Last night, after changing out of my nutcracker outfit and getting off work, I went to meet Ben at a house party somewhere on Bleecker street. It was a Jewish party. It was a gay party. There were bottles of booze all over the place, some snacks, and some cute boys, some very cute boys scattered around. Just about every person I talked to made some reference to Jewishness, asked if I was Jewish. The Jew envy I used to have a few years ago would briefly resurface with these questions.
There was this boy in a scarf, always the boys in scarves, that I was attracted to. His name was Eric. Ben, him, and I peed together, squeezing past some religious singing to get into the bathroom. The boy was pee shy. I touched his penis slightly and watched it react, rise a bit. Both Ben and I were hitting on this boy and that made me feel slightly uncomfortable - feelings of competitiveness, insecurity, etc. I started talking to this other boy, Adam, who was very attractive, who shined in his eyes, and who I was having a lovely conversation with before some crazy person stepped between us to start talking to me about spirals. Adam escaped the spiral conversation and I wasn't so lucky, was stuck for a while trying to be polite and listen, meanwhile silently cursing this speaker for ruining the interaction, something sweet and intelligent, that I had been desiring for the past week or so.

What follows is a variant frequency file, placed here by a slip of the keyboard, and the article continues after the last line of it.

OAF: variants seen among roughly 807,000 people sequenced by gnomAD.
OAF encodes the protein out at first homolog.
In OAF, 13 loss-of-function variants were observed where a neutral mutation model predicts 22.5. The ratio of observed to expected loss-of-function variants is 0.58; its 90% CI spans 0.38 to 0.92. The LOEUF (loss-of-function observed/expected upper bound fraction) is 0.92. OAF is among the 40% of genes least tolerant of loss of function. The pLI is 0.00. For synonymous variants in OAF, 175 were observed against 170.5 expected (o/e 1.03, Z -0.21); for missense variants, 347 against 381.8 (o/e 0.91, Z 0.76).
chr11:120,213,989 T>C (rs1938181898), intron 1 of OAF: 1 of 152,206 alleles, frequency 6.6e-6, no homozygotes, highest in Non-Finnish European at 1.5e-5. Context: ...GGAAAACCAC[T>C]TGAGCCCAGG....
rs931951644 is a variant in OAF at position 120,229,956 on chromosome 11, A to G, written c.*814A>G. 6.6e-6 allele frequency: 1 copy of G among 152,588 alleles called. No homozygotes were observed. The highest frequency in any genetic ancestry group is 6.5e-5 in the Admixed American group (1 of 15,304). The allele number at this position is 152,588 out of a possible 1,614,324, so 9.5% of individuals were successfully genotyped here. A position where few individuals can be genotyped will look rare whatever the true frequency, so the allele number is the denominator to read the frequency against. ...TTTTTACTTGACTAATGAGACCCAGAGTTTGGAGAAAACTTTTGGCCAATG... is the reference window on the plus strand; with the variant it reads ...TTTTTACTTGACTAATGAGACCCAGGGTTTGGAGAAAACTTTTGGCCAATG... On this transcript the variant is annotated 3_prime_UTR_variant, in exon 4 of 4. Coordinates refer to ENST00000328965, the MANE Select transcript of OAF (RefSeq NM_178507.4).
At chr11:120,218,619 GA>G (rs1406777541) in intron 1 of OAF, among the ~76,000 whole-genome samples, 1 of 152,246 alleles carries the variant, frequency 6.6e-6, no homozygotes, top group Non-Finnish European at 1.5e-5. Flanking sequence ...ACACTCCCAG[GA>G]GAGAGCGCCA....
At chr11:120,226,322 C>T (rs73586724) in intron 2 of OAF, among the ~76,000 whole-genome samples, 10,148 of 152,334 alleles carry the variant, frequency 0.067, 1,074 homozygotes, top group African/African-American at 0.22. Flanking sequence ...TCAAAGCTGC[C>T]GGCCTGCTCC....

I found myself making out with some boy, a yoga instructor, because he wanted to and I thought I needed something that could be got from making out with a stranger, some feeling of desirability. I did so for a bit before I realized it wasn't what I wanted and pulled away from his lips. And there in front of me were Ben and Eric making out, which was a bit of a discouraging sight, though if I were a better human, free of pettiness, envy, and jealousy [cue Joni Mitchell's "All I Want," which addresses this theme perhaps better than any other song], then I would be happy to see my friend happy.
It was time to flee. Yoga instructor was very confused that I was leaving, gave me his card. I wrote my number on some slip of paper found in my bag and gave it to Adam. It was drizzling as I left the party. I tried unsucessfully to read The New Yorker on the train ride home; various predictable strains of thought instead kept on distracting me.